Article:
In 2023—in light of Supreme Court decisions on affirmative action and growing political dissent over diversity— what is the benefit of having diverse talent pipelines in advertising and beyond?
O’Brien: I think there's no question that executives in companies across the country and across the world fully recognize that diversity is a value for them. Back in the day, when I started working in 1987, diversity was very much a combined job but now, I think executives fully understand that if you want to be successful, you actually have to make sure that you are doing business in all corners. The idea that you can ignore a portion of the population is very old school and it really doesn't happen anymore. There are various studies that talk about the measurable value of diversity. Diverse teams are more successful and make more money in certain industries; there's a tremendous value.
What are key learnings that you've come to value in reflecting on MAIP’s 50 years of impact?
Murray: It's really remarkable that community has been fostered and built over the past years. The first cohort to meet was in 1973 with about 15 young Black interns who were venturing out into the big world of advertising. Now, we have cohorts of up to 260 students per year. Some of the members from the earliest years of MAIP are still actively involved; there's an active alumni association with 4,300 or more professionals who participate in that. It's the largest diverse community in the industry. So when I talk about that history and that legacy, that's what excites me the most about what MAIP has done and what it continues to mean to this present day.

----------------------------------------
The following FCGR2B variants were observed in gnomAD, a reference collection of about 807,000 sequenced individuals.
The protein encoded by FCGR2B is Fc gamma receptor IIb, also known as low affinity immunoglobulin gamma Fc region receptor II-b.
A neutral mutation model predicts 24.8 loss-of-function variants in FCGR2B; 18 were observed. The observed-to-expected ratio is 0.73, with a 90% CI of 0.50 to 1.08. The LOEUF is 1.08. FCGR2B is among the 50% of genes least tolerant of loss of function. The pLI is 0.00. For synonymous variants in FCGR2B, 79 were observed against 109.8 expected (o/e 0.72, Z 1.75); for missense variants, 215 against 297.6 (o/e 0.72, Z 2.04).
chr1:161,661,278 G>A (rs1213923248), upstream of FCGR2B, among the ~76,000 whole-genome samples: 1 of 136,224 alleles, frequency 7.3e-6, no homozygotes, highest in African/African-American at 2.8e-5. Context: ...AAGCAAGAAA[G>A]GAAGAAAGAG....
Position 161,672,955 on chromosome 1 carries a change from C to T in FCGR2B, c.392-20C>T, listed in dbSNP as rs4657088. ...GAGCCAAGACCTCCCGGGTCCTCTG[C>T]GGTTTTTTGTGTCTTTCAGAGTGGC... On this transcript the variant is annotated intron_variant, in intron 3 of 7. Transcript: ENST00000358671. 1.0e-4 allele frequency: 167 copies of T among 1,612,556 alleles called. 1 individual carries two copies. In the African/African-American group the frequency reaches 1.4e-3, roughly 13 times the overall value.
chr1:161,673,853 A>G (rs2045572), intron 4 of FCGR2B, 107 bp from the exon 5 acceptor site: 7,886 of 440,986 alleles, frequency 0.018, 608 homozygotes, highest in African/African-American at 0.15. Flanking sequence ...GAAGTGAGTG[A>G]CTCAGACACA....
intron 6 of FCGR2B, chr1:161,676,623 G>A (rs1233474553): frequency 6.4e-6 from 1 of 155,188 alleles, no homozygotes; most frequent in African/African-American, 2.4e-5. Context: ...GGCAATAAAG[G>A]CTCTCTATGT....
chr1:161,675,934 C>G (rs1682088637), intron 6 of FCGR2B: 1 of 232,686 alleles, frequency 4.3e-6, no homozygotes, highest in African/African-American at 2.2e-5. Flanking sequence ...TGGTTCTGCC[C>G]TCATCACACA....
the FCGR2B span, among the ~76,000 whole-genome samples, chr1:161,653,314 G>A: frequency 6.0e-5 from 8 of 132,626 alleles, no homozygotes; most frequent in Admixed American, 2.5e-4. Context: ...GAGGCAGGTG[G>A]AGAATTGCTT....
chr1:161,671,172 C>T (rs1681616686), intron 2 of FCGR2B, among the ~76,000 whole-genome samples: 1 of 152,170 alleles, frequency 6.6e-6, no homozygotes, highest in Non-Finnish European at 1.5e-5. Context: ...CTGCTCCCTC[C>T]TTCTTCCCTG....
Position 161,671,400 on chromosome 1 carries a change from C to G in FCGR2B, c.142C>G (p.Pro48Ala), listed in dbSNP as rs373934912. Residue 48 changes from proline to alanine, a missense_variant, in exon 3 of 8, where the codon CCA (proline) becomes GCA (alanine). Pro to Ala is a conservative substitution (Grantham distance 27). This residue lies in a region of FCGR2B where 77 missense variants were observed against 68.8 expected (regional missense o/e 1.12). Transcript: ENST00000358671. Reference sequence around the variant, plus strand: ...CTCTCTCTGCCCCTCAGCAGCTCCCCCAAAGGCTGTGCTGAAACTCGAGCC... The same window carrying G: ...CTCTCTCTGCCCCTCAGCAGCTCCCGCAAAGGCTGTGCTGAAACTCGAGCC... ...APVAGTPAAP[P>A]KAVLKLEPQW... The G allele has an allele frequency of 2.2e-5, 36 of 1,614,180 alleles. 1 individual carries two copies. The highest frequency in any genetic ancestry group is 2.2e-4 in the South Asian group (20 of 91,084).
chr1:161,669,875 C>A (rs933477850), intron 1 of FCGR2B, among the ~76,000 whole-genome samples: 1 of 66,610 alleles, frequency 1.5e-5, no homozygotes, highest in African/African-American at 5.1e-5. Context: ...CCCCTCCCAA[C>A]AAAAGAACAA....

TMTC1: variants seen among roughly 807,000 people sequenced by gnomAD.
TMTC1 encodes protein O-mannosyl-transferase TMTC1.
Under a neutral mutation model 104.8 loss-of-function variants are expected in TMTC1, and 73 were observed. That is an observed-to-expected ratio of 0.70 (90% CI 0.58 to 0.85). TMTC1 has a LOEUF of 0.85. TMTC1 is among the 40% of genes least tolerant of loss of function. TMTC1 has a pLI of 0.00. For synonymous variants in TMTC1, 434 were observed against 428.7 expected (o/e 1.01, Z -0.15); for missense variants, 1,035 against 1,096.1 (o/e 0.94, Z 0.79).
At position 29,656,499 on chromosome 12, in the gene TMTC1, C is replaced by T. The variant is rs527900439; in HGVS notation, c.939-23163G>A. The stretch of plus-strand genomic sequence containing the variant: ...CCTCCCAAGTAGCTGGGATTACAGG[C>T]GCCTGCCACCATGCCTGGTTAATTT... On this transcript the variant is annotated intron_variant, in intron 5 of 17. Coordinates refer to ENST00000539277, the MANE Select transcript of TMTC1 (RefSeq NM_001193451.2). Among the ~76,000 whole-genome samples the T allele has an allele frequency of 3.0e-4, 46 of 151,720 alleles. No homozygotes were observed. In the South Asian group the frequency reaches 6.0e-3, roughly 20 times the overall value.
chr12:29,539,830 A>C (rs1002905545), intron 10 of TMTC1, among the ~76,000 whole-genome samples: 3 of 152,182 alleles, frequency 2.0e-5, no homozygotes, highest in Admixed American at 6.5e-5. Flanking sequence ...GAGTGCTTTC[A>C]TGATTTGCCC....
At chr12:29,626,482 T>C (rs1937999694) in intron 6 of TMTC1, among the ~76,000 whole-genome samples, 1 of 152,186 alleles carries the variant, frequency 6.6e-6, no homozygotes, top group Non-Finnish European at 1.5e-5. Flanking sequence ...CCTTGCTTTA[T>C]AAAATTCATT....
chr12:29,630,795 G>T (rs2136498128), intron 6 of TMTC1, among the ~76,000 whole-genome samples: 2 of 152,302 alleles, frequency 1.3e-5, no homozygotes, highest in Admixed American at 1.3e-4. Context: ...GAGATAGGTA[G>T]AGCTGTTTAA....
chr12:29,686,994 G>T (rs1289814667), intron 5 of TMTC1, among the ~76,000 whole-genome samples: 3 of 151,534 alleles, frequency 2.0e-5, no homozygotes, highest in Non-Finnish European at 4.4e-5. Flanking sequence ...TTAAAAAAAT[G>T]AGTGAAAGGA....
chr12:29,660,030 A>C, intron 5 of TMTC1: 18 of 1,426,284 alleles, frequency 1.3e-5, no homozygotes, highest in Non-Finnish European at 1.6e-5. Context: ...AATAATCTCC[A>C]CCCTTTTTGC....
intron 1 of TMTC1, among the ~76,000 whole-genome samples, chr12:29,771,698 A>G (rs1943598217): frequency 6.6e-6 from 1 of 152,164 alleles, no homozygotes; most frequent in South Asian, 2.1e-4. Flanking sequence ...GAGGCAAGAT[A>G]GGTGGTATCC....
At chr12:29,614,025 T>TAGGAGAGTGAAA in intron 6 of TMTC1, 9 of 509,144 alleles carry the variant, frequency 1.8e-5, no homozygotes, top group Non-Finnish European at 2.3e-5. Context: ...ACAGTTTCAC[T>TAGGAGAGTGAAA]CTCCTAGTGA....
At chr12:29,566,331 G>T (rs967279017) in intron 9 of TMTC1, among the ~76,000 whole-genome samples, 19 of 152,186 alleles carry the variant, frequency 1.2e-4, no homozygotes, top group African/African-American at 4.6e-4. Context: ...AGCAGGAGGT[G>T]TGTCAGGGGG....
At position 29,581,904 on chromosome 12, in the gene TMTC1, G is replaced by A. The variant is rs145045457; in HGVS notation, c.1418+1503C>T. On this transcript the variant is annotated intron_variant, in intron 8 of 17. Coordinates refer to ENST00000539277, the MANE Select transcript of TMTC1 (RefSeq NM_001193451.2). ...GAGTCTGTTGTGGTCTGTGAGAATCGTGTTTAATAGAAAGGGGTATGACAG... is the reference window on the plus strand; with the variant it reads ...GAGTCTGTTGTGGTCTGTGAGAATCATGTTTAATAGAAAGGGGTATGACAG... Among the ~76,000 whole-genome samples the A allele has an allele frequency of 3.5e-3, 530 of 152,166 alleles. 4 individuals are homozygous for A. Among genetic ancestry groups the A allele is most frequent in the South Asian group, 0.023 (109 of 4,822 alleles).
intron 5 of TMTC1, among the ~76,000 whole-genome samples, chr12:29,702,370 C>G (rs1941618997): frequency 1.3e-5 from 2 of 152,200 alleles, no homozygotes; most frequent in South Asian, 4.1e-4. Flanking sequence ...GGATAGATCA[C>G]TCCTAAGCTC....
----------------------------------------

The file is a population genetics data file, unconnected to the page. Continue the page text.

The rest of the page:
Tangie, what were the criteria for selecting honorees for this year’s first-ever gala? Soledad, what solidified your alignment with the organization as host this year?
Murray: As the first-ever gala for a foundation—if we were ever going to have one—it makes all the sense in the world to have it to celebrate the 50th anniversary. As we celebrate the rich history and legacy of MAIP, we're honoring five members from each of the past five decades. It comes down to the fact that over the past 50 years, we've invested in diverse talent and services in the advertising, marketing and media industries. We're honoring luminaries from these different industries whose work and careers really embody the mission of the foundation. We've gone out to find champions of equity, inclusion, belonging, and diversity in adjacent industries and shine a spotlight on them through the gala. We want to expand our community of supporters to invite them to invest so that we can show up for the next 50 years of programming.
O’Brien: I am the host of the inaugural year, which is pretty cool. I fully support any organization that supports, educates and very tangibly works with young people to help them be successful. I don't think we are in a position today to just give them good wishes and hope for the best. We have to literally help them strategize, get jobs and navigate challenges both tangibly and tactically. How do you not love an organization that can help students find an advocate?